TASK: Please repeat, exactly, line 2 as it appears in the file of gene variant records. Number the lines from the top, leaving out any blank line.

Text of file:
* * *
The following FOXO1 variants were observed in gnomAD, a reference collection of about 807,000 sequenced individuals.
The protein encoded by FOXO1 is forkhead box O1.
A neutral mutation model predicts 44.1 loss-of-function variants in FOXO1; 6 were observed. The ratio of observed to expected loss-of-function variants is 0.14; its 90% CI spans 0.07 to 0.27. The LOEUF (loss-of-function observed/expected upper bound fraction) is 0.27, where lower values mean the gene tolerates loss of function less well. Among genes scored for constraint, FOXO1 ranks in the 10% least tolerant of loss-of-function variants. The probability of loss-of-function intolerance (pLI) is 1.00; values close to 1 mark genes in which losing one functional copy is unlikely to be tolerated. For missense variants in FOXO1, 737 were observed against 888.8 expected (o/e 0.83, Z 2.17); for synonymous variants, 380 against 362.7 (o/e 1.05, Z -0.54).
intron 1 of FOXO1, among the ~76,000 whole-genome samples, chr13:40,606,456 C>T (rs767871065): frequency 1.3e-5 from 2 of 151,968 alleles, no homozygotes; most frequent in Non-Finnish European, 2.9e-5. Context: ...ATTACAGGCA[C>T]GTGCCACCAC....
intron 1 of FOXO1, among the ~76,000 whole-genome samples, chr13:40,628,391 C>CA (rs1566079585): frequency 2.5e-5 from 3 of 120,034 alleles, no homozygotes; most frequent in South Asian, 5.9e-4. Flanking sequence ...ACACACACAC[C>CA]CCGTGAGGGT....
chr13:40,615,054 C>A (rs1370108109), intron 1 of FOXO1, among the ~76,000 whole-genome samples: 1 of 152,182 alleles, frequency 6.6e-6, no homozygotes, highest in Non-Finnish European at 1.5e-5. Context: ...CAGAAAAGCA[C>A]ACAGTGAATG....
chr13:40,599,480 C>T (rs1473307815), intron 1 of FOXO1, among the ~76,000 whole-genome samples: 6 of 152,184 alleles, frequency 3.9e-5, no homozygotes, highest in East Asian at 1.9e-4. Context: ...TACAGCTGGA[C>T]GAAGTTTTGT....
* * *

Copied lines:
The protein encoded by FOXO1 is forkhead box O1.